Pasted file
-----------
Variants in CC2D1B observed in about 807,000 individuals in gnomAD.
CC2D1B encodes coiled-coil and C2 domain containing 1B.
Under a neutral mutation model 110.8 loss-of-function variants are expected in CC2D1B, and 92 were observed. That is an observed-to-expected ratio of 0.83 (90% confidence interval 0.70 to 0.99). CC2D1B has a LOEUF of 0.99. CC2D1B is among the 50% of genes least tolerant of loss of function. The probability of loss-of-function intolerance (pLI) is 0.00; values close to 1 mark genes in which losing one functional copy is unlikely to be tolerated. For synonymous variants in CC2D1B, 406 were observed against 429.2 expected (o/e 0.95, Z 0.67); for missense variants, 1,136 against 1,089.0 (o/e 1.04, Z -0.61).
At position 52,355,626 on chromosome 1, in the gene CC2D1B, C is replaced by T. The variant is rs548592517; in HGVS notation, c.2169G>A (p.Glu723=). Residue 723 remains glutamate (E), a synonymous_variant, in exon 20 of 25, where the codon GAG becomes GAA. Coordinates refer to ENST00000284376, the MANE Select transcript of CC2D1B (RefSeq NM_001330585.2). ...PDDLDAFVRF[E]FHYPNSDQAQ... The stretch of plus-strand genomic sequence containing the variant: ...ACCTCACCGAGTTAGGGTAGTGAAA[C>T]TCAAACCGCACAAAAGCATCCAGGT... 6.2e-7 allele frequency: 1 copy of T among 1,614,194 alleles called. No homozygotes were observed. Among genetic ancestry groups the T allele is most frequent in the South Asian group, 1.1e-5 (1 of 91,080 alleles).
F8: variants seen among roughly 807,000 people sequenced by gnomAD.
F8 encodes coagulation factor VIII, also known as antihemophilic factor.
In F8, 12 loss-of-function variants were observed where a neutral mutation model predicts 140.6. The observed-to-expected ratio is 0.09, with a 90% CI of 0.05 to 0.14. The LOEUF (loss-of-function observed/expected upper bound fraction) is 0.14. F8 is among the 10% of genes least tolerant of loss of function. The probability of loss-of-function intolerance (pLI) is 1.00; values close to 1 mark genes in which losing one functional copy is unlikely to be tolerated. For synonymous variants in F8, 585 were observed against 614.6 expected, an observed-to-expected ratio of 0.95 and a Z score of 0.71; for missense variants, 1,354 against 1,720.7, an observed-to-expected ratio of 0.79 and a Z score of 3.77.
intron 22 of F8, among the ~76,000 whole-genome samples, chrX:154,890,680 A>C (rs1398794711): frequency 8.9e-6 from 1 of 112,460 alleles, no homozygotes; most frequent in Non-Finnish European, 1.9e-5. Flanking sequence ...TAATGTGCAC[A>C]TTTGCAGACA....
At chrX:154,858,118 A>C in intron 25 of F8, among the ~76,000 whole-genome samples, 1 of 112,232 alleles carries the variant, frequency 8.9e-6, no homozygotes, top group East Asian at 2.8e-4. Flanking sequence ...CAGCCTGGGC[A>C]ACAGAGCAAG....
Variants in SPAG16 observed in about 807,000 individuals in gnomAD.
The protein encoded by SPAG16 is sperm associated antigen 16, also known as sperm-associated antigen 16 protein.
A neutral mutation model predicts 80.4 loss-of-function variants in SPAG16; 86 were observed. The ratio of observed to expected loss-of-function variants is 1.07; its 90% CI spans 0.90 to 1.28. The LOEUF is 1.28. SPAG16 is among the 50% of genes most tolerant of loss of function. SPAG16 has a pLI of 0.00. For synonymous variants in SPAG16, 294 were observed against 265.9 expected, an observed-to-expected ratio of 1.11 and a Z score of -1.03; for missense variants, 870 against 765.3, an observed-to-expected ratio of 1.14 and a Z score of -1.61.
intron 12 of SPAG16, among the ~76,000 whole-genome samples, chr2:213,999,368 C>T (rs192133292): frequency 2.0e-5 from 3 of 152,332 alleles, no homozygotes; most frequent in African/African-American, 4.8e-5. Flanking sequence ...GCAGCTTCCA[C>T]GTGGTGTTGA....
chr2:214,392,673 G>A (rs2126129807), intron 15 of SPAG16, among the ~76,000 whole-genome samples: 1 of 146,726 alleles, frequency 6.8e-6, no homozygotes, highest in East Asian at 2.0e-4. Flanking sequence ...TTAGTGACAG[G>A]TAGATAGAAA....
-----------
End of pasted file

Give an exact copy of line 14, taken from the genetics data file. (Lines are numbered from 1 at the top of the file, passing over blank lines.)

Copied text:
chr2:214,392,673 G>A (rs2126129807), intron 15 of SPAG16, among the ~76,000 whole-genome samples: 1 of 146,726 alleles, frequency 6.8e-6, no homozygotes, highest in East Asian at 2.0e-4. Flanking sequence ...TTAGTGACAG[G>A]TAGATAGAAA....